For more information regarding Gonzales’s book, click here.
Belmont Neuroscience Program Coordinator, Dr. Lori McGrew, took six students to the annual meeting of the Society for Neuroscience, held in Washington, D.C., Nov. 15-18. The students included Hensley Barnes, Lauren Sheppard, Karah Parker, Iqra Wahid, Jaime Wesley and Cassie Wyatt, a group that has conducted research with Dr. McGrew utilizing zebrafish. They presented a poster showcasing their findings during the conference’s Faculty for Undergraduate chapter meeting.
The conference is an international gathering of over 31,000 neuroscientists who share their latest findings including labs surrounding a streptococcus bacteria, oxytocin’s influence on social memory and interaction, cellular and molecular mechanisms for memory and an inspiration presentation on Dr. Nicoll’s journey to becoming a renowned electrophysiologist, despite his severe dyslexia.
For more information on conference highlights, click here.
Belmont University’s School of Nursing hosted a pre-conference as part of the ninth annual National League for Nursing Technology conference in Nashville on Oct. 24. Participants from around the nation filled one of Belmont’s simulation labs for a presentation on the School’s integration of an academic electronic health record across the curriculum.
Professors Sarah Tarr, Jean Blank and Dr. Jamie Adam engaged the sold-out audience in hands on learning including selection, use and integration of the technology.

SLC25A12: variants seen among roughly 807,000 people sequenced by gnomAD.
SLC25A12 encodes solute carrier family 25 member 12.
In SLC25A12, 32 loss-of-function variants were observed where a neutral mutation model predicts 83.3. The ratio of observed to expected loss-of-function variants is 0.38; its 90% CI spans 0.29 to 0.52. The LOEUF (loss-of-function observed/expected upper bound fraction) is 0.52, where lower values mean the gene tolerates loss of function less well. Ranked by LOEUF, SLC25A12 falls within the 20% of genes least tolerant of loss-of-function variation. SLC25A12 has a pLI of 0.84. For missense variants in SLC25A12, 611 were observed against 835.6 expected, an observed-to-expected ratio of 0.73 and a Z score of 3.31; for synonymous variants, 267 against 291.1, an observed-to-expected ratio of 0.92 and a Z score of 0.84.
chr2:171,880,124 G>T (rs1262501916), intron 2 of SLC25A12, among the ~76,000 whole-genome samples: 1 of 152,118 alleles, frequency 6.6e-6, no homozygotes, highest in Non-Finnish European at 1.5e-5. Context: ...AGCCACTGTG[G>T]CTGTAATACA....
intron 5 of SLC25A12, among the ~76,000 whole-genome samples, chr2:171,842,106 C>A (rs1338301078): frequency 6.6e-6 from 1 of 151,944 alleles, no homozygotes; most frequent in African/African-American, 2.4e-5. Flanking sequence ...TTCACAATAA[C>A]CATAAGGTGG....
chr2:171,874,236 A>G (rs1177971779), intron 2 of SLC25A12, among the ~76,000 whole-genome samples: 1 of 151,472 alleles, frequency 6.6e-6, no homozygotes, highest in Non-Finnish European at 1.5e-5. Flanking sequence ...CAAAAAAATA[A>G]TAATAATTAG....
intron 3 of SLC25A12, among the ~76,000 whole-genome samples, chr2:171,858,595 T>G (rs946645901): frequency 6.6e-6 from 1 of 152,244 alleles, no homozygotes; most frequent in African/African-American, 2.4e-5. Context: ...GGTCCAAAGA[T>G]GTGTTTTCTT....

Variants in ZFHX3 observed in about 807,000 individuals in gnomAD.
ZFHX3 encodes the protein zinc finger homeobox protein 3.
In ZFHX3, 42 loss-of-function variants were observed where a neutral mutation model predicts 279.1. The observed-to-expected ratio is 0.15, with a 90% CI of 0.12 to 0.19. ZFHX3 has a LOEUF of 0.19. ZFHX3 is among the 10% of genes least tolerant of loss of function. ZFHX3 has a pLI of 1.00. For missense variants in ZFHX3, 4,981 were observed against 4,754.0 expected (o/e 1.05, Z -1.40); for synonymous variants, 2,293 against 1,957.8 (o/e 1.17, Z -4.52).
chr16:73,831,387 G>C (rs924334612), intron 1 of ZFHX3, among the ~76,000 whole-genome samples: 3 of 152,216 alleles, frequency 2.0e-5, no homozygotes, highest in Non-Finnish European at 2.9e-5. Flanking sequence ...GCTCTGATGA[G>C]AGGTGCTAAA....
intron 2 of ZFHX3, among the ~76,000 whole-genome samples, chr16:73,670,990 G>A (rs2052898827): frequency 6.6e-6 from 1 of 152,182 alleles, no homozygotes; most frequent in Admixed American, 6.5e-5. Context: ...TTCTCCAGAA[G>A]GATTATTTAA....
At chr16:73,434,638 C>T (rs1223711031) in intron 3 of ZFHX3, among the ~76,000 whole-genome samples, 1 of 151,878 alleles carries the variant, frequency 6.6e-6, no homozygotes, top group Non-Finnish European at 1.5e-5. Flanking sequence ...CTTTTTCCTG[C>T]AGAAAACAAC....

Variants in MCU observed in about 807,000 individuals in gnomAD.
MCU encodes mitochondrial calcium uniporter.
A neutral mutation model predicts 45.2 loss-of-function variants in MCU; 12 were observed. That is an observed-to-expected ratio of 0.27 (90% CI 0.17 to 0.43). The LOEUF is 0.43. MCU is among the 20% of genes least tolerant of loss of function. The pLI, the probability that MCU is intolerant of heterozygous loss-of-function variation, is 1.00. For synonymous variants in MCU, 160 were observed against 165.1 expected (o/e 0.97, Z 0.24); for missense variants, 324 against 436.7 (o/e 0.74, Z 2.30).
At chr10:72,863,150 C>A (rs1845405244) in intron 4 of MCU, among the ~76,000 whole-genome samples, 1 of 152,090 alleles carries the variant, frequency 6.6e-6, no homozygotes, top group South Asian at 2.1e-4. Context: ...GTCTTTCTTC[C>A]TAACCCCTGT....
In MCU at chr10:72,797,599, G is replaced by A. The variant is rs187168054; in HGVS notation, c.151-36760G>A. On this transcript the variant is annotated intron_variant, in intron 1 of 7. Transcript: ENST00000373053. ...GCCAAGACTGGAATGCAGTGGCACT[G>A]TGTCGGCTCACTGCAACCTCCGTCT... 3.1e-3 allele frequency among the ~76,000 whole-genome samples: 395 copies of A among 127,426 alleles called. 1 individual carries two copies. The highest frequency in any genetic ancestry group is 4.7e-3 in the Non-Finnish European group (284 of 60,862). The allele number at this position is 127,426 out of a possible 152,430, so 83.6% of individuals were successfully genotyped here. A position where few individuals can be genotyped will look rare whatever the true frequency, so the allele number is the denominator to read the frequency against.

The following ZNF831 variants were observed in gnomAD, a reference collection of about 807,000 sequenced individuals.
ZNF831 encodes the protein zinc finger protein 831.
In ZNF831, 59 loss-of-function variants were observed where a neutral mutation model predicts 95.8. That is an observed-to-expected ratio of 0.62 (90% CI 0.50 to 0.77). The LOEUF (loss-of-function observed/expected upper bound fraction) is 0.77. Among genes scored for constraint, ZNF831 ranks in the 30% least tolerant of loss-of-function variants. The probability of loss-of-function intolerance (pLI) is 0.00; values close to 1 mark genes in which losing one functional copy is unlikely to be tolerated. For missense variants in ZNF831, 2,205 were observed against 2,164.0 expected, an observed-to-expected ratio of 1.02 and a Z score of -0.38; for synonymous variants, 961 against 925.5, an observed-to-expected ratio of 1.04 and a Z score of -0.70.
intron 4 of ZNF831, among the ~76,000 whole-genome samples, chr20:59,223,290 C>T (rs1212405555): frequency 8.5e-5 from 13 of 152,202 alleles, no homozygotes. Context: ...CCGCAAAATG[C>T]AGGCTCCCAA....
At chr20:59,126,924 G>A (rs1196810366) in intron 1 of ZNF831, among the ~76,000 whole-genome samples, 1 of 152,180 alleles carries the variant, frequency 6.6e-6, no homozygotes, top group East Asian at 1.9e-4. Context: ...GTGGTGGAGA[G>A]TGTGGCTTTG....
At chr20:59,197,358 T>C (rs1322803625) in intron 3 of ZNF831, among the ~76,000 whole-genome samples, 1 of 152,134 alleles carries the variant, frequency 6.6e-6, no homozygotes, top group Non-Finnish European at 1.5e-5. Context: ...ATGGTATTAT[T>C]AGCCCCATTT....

“Electronic health records (EHRs) have the potential to mitigate error, streamline processes and improve communication across the spectrum of health care. Meaningful use of EHRs in chronic and acute care is a major priority in the U. S. health system today. Our faculty have been early adopters of this technology in the classroom, lab and clinical areas and our students and their future patients are the beneficiaries of this work,” said Associate Dean of Nursing Dr. Martha Buckner.
Dr. Jonathan Thorndike, honors program director, and Dr. Beverly Schneller, associate provost for academic affairs, recently presented at the 2014 National Collegiate Honors Council Annual Conference in Denver. Their presentation was titled “Using Evidence-Based Assessment to Target Admissions and Improve Retention” in a round table session with Dr. Andrew Martino of Southern New Hampshire University. NCHC is organized with a keynote speaker, panel presentations, individual presentations, poster sessions and student sessions. NCHC is the only national-level professional group devoted to the development, management, promotion and assessment of interdisciplinary college and university honors programs. Belmont’s Honors Program is a member of NCHC and utilizes their “best practices” for assessment and planning purposeses.